April 12- The Red Shirts and Government in the aftermath, Water Festival

Things are very quiet here, Songkran has begun and many have left Bangkok to celebrate the holiday with their family. Resiliency is the key to overcoming anything in life, that is on display in Bangkok and Thailand.

Part of the Red Shirts on the streets in Bangkok on April 12

The red shirts had a procession through Bangkok yesterday with coffins of the dead. It was calm, no confrontations. As the day wore on the red shirts continued to parade through the city, more music, horn honking, smiling and flag waving. The red shirts have the momentum, their supports are firmly behind their cause, they will increase their push of the government, they want to justify the deaths that took place and honor those that died.

The government is in disarray. The military does not want to confront the red shirts again, the head of the military has come out and said political problems need political solutions. It appears people are very frustrated that numerous deaths occurred, but the situation remains the same- fighting in the streets for no reason.

The red shirts and government are not holding talks.

Trucks are being used to block the approaches to the commercial district- it is quiet, but things are not "back to normal"

There are loads of rumors and talk about what happened on Saturday night; there were serious weapons used by both military and red shirts. Some of the military troops had no weapons, some of the red shirts had grenade launchers and there is footage of the military firing live bullets directly into the crowd. How were the red shirts so well prepared and the military not?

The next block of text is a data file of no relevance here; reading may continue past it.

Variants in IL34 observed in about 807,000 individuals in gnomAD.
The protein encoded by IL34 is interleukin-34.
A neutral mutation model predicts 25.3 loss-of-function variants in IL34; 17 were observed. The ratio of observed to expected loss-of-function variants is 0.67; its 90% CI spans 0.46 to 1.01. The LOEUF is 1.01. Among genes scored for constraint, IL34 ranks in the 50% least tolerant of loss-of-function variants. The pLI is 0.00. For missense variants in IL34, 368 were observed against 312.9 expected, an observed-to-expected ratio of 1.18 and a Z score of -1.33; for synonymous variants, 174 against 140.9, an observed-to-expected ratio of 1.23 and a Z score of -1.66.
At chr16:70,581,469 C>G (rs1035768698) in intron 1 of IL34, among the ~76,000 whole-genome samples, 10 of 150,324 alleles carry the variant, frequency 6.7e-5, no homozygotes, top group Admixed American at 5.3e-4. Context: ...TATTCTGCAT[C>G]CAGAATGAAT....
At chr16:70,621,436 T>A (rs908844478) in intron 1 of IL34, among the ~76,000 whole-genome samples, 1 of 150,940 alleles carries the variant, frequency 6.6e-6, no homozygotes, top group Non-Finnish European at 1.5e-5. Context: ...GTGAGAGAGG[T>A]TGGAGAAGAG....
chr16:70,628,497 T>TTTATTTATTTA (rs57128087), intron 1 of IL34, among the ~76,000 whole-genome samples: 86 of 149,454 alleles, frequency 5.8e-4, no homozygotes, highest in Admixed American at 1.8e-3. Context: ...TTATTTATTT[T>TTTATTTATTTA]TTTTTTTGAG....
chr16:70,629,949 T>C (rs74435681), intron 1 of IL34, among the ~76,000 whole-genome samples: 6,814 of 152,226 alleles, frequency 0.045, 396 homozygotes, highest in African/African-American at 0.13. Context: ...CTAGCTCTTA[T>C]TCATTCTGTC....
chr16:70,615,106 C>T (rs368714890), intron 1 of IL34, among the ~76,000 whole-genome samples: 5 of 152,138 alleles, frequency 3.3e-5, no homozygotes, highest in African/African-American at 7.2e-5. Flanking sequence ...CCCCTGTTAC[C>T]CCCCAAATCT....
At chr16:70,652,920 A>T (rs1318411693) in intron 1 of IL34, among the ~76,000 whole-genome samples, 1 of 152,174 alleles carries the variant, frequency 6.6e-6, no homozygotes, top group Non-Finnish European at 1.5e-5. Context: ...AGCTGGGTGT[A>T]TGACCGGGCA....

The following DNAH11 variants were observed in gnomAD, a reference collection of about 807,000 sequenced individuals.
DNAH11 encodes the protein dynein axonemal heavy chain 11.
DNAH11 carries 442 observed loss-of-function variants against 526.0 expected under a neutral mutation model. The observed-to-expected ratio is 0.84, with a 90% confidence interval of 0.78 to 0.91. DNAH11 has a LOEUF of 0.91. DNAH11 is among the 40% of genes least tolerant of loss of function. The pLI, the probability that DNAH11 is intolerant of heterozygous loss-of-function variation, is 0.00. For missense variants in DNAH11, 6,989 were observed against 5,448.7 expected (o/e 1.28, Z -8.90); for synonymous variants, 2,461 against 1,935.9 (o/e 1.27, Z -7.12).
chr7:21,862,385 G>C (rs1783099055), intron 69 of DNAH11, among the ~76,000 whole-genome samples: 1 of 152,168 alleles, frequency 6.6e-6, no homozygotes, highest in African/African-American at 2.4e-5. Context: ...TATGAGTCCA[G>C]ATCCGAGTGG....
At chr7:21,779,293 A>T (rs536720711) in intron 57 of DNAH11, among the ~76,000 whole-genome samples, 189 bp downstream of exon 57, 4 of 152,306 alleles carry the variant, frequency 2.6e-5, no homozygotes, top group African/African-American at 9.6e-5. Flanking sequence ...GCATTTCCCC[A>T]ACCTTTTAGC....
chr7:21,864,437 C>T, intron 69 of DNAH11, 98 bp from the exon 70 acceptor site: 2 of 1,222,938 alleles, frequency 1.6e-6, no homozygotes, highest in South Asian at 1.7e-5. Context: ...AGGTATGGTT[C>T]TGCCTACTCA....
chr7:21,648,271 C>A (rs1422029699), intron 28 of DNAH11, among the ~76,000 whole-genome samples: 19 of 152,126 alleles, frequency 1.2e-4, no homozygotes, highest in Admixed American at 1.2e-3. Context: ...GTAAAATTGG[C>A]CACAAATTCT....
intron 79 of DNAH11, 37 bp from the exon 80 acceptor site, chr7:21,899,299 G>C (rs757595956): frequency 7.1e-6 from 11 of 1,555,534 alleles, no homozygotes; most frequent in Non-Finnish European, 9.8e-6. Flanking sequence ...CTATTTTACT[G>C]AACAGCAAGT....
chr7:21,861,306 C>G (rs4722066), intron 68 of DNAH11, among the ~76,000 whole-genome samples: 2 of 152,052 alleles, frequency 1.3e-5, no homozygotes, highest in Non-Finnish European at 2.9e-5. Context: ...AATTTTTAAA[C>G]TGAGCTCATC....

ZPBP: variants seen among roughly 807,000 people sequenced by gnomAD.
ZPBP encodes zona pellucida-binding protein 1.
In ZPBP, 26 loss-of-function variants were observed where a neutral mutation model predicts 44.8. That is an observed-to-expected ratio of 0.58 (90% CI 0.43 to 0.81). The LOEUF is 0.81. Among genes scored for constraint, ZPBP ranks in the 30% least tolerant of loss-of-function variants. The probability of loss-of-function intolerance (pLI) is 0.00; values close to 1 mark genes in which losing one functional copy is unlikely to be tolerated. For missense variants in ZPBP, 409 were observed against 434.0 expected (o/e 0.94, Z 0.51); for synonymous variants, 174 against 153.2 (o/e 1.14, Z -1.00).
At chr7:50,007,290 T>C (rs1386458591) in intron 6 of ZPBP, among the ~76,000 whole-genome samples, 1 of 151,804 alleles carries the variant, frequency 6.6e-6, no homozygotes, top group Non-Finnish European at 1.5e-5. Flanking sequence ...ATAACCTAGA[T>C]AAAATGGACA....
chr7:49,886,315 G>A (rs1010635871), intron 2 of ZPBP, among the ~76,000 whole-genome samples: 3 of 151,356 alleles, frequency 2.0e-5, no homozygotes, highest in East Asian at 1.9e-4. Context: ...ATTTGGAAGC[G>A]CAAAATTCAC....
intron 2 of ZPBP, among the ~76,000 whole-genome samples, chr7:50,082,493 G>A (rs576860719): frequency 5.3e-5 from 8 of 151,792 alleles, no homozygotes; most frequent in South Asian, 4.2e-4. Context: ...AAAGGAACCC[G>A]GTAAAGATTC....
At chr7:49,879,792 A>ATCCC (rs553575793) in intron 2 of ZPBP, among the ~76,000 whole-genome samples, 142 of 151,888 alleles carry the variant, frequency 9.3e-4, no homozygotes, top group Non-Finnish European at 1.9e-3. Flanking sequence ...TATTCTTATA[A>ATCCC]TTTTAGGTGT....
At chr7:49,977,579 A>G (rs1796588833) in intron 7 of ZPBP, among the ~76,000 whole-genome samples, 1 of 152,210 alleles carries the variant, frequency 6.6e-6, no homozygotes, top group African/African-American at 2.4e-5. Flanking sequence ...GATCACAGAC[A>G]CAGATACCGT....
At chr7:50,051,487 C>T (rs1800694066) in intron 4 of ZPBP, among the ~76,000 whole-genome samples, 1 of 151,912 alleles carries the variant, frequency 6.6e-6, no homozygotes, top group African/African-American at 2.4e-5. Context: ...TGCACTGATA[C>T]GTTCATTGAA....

The government can no longer count on the military, the military doesn’t want anymore Thai on Thai fighting. Saturday night was a failure leading to death, someone has to take the fall.

Songkran begins today with all banks and offices closed for the next three days. This is water festival, everyone throws water on each other. Fun- this is New Year in the Thai calendar and one of the most festive holidays of the year.

I went to run this morning- big trunk of people came by with buckets of water and squirt guns and soaked me and the traffic officer I was speaking with. I finished my run and was walking back to my apartment, walking the other way was a older Thai lady dressed in the uniform of the gardening staff for the hotel next to my apartment (in Thailand everyone has a uniform, part of helping everyone feel important, treating every job with respect). I had never seen her before, she slowed, broke into a huge grin and said “Happy day everyday, Happy Songkran”.

This is the Thailand everyone loves.

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About faranginbangkok

Additional pictures: http://www.tumblr.com/blog/faranginbangkok For more updates about Bangkok, Thailand and other thoughts: www.twitter.com/lilrichardb I began working in Bangkok during 2008- a time that featured a great deal of political unrest in Thailand and particularly Bangkok. I had lived in San Francisco for 15 years and was working on a project in Thailand. Generally I spent 2 weeks in Bangkok and then 3-4 weeks in San Francisco. Did Bangkok begin to feel like home? Yes, and No. Bangkok and the Thai culture forced me to feel many things, the change in culture and environment was so dramatic it forced the decision- embrace or ignore. I embraced and made Bangkok my home and base in 2009. I have enjoyed living in Bangkok, experiencing Thailand and the entire ASEAN region.
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